Kalapokhri, West Bengal, Kanchenjunga, Sikkim, Darjeeling, Nepal, Himalayas

As soon as we left Tumling, we left behind these siblings

 

Nepal, Kalapokhri, Sandakphu, Darjeeling, HImalayas

Following the misty trail across Nepal border

 

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You can see the Indian villages down from up top in Nepal

 

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As you reach Kalapokhri, the ascend gets tougher

On the left side is India and on the right is Nepal

On the left side is India and on the right is Nepal

 

By the time you get to Kalapokhri, you’d be quite tired, but at the same time admire the fascinating and very quiet village, some of them playing Nepali songs on the radio and small huts with people sitting near the fireplace seeking some warmth that you’d end up getting relaxed all by yourself right there… One of the best routes on this trek for sure…

Seeking peace and serenity in Tumling

On one of our trips in the Himalayas, I remember how lines across various borders fade away and depict a path that just goes on beyond just the territories hazed within the minds of people caught in a rut, one that fails to distinguish a beauty of the nature so vast, and enchanting that we always tend to look at terrains as boundaries keep blocking us and our minds.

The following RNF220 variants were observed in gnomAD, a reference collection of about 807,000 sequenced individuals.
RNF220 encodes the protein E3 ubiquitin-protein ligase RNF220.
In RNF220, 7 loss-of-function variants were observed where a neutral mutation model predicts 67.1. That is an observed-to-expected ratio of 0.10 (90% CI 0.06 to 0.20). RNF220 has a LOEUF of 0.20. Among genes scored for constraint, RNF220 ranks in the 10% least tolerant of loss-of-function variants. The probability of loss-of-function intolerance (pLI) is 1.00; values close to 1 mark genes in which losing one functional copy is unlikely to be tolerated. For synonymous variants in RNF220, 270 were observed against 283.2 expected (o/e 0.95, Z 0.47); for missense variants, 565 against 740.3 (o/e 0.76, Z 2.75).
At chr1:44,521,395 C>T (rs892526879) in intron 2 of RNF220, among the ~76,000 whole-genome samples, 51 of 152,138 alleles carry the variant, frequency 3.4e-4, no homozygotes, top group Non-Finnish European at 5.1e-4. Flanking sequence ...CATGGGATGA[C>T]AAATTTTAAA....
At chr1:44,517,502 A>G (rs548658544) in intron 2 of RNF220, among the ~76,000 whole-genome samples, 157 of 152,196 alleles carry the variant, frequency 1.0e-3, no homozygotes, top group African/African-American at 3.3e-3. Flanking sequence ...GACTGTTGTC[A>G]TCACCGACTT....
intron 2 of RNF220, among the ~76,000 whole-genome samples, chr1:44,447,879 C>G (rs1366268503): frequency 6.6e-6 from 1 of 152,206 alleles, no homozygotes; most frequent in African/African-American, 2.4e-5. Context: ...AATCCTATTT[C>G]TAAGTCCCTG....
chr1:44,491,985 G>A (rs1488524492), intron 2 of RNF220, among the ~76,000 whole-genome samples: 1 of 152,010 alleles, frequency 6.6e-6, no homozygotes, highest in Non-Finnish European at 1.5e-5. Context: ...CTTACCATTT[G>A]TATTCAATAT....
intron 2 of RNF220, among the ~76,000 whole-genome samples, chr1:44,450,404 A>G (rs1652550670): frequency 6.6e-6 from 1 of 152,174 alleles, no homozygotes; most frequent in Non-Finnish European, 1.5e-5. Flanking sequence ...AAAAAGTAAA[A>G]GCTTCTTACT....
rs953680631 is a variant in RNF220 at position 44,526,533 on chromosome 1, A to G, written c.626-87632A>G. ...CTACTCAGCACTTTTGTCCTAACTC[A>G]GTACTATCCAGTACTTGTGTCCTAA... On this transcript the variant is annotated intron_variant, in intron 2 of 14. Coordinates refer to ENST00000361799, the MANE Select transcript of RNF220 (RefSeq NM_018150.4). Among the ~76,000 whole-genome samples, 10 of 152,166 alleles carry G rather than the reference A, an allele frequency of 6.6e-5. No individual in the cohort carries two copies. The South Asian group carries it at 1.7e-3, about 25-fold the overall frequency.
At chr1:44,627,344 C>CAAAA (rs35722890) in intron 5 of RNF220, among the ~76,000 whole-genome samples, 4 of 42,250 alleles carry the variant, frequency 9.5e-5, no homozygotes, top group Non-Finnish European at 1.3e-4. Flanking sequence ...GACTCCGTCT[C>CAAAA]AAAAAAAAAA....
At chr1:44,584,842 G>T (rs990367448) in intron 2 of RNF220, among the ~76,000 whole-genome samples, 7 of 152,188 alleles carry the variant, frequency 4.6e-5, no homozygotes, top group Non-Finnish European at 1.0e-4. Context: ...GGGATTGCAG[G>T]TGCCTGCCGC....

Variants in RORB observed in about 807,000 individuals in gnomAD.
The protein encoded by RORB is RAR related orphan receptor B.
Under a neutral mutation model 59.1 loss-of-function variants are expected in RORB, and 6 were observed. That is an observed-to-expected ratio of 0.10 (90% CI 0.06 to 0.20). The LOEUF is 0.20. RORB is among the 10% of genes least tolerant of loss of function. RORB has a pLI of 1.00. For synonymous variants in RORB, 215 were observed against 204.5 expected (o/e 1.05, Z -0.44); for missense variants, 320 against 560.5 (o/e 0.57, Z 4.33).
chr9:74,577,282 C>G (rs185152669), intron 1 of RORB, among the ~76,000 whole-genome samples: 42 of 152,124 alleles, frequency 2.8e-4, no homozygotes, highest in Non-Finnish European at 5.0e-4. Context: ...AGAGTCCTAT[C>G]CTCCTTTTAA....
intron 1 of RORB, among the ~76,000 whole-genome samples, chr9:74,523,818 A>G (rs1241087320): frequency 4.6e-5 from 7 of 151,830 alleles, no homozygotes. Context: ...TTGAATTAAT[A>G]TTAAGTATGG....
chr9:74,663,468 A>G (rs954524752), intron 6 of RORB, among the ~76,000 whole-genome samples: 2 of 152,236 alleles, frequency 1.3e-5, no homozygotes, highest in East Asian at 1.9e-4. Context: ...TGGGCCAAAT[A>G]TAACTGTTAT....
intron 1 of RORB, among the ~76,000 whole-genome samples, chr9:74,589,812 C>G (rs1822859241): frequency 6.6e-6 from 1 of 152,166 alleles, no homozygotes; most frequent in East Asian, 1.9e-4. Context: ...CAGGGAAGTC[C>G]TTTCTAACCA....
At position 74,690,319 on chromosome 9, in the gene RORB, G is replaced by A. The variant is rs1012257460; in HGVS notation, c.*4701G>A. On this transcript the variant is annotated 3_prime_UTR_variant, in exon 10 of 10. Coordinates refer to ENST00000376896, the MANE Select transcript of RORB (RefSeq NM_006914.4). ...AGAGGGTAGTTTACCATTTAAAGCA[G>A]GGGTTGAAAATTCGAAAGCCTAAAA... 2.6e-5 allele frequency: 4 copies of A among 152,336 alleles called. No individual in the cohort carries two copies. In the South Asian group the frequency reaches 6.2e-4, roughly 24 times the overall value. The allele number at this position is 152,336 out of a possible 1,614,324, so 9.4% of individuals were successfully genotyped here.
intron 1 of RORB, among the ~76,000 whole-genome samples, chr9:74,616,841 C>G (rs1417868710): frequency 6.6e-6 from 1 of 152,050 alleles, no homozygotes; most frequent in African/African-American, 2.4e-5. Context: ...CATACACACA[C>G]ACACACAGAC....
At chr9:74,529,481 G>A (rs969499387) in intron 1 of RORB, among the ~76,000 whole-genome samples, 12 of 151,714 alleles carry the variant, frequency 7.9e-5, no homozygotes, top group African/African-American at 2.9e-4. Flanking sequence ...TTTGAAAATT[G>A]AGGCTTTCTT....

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Sometimes I wish for that as a traveler to do away with. Most often than none, whenever I take a trek to the Himalayas, an important thing that is always on my mind is to leave behind the clutter and the chaos that this urban mind has always carried around with it’s mundane inglorious life. I try to devise a plan and then I stop and tell myself that it’s not a strategy that I have to pitch to a client, I usually end up thinking twice about things when I’m out here in the city. Out there, I let the nature guide me by it’s own destiny and help me make a better choice with every step that I take in the wilderness of the mountains.

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One such trips was on the way to Sandakphu, where our first pit-stop was a glorious beginning into the Nepal bordering, crossing over Darjeeling and Sikkim the Himalayan regions of Tumling. A small village would be very popular among trekkers who are treading slowly towards Sanadkphu and Phalut. Both destinations which on a clear day, give a peek at the Kanchenjunga and the Mt. Everest, if you’re lucky.  One of the most interesting things that you’ll notice on this path is how serene everything is right from the time you start the trek from Mhanebhanjan, the base camp, usually for all the trekkers who head up to Sandakphu or Phalut.